A solar eclipse is happening this Thursday morning, June 10th!
Here in the Tri-Cities a partial, not total, Solar Eclipse will occur. A partial solar eclipse occurs when the moon partially covers the sun as it passes in between the Sun and the Earth. Unfortunately, it will be tough to see here.
One reason is the moon is only covering a small percentage of the sun from our view. Dr. Gary Henson, an astronomy professor at ETSU, says even if this were to happen at noon, we would not notice any dimming of sunlight since the effects from the moon passing over a small portion of the sun are so small.
Another reason is the timing and the terrain. The eclipse will happen right around sunrise. Therefore, the sun will be extremely low on the horizon. With the mountains to the east and the hilly terrain, it would be best to find a high point and where the northeast horizon is relatively flat.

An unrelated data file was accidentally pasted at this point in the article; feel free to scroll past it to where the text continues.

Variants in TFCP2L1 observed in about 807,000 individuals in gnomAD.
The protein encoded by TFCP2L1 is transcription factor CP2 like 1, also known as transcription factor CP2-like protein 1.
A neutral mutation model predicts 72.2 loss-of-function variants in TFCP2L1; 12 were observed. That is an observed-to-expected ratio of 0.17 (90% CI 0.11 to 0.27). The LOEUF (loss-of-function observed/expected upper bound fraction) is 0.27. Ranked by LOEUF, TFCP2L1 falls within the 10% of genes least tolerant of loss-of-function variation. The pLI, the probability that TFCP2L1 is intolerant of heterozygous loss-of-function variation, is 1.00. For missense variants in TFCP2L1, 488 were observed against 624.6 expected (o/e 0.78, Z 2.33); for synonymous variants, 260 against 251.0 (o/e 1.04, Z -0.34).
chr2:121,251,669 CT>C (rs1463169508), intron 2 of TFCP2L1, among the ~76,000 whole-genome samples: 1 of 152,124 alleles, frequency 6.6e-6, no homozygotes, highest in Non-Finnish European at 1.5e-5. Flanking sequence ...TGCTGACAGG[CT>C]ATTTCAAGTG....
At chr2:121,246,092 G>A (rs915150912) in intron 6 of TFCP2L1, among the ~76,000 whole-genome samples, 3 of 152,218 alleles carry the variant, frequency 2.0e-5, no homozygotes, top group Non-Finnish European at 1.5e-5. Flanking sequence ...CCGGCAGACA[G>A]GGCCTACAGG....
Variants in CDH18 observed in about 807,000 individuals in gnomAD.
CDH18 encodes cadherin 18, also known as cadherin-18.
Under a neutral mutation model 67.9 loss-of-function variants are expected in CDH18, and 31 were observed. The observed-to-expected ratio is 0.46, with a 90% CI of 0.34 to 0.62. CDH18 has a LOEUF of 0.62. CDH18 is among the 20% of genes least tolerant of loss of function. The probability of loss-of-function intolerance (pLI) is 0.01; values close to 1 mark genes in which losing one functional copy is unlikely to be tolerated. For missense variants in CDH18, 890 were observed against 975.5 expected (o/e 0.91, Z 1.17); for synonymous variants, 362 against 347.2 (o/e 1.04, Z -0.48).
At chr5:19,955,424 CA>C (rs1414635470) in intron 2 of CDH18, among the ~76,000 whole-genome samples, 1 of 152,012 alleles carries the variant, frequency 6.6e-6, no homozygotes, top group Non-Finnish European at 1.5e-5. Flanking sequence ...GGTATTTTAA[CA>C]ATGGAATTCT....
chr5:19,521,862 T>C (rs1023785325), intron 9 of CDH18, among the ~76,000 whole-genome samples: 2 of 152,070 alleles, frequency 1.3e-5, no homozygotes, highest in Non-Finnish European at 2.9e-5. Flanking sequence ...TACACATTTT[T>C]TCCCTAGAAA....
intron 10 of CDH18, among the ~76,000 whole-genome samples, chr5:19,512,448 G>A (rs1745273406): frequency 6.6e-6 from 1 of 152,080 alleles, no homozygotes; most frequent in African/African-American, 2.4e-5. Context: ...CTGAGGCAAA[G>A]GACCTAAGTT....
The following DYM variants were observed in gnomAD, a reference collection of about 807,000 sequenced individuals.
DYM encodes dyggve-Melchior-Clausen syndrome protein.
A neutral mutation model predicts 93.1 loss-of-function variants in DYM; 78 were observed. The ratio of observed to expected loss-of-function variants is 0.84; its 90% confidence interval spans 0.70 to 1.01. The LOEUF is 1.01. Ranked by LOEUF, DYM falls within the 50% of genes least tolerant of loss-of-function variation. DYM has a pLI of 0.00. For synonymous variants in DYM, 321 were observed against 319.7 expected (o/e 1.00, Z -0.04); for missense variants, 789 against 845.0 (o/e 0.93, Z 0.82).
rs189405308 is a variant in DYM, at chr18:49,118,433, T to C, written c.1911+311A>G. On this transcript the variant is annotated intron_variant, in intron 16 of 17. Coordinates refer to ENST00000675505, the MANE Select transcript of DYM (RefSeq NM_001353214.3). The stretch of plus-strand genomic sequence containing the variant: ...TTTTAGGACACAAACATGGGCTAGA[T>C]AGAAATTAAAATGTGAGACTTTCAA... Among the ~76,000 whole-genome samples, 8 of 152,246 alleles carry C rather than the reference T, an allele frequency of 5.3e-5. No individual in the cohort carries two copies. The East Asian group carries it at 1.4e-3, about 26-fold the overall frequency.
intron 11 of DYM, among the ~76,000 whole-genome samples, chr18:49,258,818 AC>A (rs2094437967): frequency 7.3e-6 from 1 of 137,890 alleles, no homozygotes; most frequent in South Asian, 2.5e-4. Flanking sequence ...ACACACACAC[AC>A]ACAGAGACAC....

Our last obstacle is the weather. Skies need to be cloud free low in northeast sky to see the sun rise.
If you try to catch this partial solar eclipse, look into the northeast sky at sunrise on Thursday, June 10. The sunrise is at 6:09 am. The maximum eclipse occurs at 6:14 a.m. and the eclipse will end at 6:28 a.m.
Who is lucky enough to see this? Places in Canada, Greenland, the North Pole, and Russia will get to see a total annular eclipse. Annular means the moon will be too far from Earth to cover the sun completely (thanks to Earth’s elliptical orbit). The result is a ring of fire around the moon from the sun.
Dr. Gary Henson also suggests using solar filters if you do try to view the partial solar eclipse because it is never safe to look at the sun with unprotected eyes.
Thanks to EarthSky, Stellarium, NASA, Sky & Telescope, TimeandDate